The Broken Pitcher

After running for some time as fast as his legs could carry him without knowing whither, rushing head foremost into many a street corner, leaping gutters, traversing numberless alleys, courts, and streets, seeking flight and passage among the endless meanderings of the old street round the Halles, exploring in his blind panic what the elegant Latin of the Charters describes as “tota via, cheminum et viaria,” our poet suddenly drew up short, first because he was out of breath, and secondly because an unexpected idea gripped his mind.

“It appears to me, Maître Pierre Gringoire,” he apostrophized himself, tapping his forehead, “that you must be demented to run thus. Those little ragamuffins were just as frightened of you as you of them. If I mistake not, you heard the clatter of their sabots making off southward, while you were fleeing to the north. Now of two things one: either they ran away, and the mattress, forgotten in their flight, is precisely the hospitable bed you have been searching for since the morning, and which Our Lady conveys to you miraculously as a reward for having composed in her honour a Morality accompanied by triumphs and mummeries; or, on the other hand, the boys have not run away, and, in that case, they have set fire to the mattress, which will be exactly the fire you are in need of to cheer, warm, and dry you. In either case—good fire or good bed—the mattress is a gift from Heaven. The thrice-blessed Virgin Mary at the corner of the Rue Mauconseil has maybe caused Eustache Moubon to die for that identical purpose, and it is pure folly on your part to rush off headlong, like a Picard running from a Frenchman, leaving behind what you are seeking in front —decidedly you are an idiot!”

Accordingly, he began to retrace his steps, and with much seeking, ferreting about, nose on the scent, and ears pricked, he endeavoured to find his way back to that blessed mattress —but in vain. It was one maze of intersecting houses, blind alleys, and winding streets, among which he hesitated and wavered continually, more bewildered and entangled in this network of dark alleys than he would have been in the real labyrinth of the Hotel des Tournelles. Finally he lost patience and swore aloud: “A malediction upon these alleys! The devil himself must have made them after the pattern of his pitchfork!”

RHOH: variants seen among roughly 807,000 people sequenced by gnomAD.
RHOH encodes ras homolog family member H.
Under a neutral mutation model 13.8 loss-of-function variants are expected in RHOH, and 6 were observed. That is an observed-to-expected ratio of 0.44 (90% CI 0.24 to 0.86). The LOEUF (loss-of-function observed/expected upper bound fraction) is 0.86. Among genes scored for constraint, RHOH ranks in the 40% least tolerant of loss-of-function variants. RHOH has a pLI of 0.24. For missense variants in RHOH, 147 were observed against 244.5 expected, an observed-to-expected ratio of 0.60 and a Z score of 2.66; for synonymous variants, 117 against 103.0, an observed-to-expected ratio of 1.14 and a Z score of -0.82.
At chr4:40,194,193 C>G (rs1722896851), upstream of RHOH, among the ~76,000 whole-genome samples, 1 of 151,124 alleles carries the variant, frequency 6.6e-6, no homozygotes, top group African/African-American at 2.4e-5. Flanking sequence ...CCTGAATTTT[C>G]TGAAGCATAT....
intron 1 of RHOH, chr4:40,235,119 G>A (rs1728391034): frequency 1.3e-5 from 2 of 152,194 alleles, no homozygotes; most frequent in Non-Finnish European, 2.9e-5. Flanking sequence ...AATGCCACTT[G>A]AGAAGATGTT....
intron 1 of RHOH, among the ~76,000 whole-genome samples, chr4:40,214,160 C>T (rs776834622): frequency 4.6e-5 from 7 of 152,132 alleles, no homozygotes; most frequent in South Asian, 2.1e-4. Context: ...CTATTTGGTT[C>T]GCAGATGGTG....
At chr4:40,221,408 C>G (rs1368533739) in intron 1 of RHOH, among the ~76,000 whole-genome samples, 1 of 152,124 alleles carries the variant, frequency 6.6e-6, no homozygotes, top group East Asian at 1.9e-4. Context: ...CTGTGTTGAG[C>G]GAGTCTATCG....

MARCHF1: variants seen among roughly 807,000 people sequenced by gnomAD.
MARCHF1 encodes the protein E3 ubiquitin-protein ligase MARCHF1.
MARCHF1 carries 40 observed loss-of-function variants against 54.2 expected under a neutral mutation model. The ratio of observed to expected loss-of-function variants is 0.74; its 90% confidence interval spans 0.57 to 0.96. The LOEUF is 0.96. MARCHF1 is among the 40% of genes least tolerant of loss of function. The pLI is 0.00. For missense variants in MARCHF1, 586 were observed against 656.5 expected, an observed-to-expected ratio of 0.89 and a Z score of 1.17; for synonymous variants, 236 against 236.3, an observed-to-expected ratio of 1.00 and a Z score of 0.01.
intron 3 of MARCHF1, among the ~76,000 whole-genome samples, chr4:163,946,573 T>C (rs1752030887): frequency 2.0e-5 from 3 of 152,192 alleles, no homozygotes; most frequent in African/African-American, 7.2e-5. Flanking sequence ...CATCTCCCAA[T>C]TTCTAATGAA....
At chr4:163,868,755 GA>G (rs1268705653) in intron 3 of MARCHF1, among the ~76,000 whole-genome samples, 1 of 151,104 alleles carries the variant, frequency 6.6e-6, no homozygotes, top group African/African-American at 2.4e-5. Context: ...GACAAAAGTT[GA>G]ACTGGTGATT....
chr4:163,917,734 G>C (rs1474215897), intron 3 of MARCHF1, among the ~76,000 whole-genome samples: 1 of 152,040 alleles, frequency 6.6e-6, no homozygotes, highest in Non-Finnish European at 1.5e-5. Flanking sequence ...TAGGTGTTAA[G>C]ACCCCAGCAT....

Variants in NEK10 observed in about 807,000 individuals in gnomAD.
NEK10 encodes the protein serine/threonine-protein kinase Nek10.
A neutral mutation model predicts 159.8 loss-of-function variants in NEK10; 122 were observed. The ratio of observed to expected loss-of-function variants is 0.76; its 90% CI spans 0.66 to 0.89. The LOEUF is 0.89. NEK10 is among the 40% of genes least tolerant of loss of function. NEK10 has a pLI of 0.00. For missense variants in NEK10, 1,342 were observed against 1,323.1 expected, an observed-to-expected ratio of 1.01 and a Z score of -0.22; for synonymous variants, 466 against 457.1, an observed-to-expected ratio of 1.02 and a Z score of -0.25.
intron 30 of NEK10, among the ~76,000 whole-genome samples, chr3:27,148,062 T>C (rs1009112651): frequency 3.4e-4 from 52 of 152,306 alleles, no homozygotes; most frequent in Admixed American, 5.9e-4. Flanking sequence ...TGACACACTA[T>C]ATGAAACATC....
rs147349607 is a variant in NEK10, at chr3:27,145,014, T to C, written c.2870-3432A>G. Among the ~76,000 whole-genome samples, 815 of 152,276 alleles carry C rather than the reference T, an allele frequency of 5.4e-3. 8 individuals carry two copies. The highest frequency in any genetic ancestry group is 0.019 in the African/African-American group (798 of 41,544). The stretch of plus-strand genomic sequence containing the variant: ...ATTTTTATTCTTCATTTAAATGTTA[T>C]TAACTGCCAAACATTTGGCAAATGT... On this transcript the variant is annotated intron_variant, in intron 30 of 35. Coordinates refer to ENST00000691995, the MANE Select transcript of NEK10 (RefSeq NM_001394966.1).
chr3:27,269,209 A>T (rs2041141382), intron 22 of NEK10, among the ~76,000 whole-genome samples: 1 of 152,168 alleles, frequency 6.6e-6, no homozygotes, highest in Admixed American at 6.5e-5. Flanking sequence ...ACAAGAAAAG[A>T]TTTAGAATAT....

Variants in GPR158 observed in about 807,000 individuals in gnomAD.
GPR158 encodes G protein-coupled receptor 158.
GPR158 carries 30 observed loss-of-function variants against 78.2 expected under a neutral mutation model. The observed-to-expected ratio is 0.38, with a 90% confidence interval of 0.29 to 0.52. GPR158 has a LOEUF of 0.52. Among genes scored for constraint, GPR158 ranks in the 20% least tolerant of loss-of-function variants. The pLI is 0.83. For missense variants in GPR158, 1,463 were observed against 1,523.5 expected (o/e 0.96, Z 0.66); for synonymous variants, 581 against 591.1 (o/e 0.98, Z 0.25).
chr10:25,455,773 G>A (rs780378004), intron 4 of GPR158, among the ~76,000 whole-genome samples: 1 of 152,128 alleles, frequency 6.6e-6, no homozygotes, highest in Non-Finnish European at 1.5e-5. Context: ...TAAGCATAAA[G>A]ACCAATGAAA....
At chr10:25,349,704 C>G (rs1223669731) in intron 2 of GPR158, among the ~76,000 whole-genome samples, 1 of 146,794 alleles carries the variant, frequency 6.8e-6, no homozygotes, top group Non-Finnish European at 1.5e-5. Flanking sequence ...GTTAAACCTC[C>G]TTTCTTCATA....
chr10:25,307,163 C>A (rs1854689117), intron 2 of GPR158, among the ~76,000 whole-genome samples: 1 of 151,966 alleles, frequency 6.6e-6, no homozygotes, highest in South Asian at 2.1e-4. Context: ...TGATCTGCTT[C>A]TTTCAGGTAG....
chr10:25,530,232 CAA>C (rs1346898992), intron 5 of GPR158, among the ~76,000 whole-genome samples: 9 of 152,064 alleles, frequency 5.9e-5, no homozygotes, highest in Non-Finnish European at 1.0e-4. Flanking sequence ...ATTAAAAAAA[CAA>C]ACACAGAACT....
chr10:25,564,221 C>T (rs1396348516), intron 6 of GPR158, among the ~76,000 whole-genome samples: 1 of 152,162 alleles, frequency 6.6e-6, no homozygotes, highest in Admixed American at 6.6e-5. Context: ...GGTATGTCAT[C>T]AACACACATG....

Somewhat relieved by this outburst, next moment his nerve was completely restored by catching sight of a red glow at the end of a long, narrow street.

“Heaven be praised!” said he, “there it is—that must be the blaze of my mattress,” and likening himself to a pilot in danger of foundering in the night, “Salve,” he added piously, “Salve maris stella!” but whether this fragment of litany was addressed to the Virgin or to the mattress, we really are unable to say.

He had advanced but a few steps down the narrow street, which was on an incline, unpaved, and more and more miry as it neared the bottom, when he became aware of a curious fact. The street was not deserted. Here and there he caught sight of vague and indeterminate shapes, all crawling in the direction of the light that flickered at the end of the street, like those lumbering insects which creep at night from one blade of grass to another towards a shepherd’s fire.

Nothing makes one more boldly venturesome than the consciousness of an empty pocket. Gringoire, therefore, continued his way and soon came up with the last of these weird objects dragging itself clumsily after the rest. On closer inspection he perceived that it was nothing but a miserable fragment, a stump of a man hobbling along painfully on his two hands like a mutilated grasshopper with only its front legs left. As he passed this kind of human spider it addressed him in a lamentable whine: “La buona mancia, signor! la buona mancia!1

“The devil fly away with thee!” said Gringoire, “and me too, if I know what that means.” And he passed on.

He reached another of those ambulatory bundles and examined it. It was a cripple with only one leg and one arm, but so legless and so armless that the complicated system of crutches and wooden legs on which he was supported gave him all the appearance of a scaffolding in motion. Gringoire, who dearly loved noble and classical similes, compared him in his own mind to the living tripod of Vulcan.

  By PanEris using Melati.

Previous chapter Back Home Email this Search Discuss Bookmark Next chapter/page
Copyright: All texts on Bibliomania are © Ltd, and may not be reproduced in any form without our written permission. See our FAQ for more details.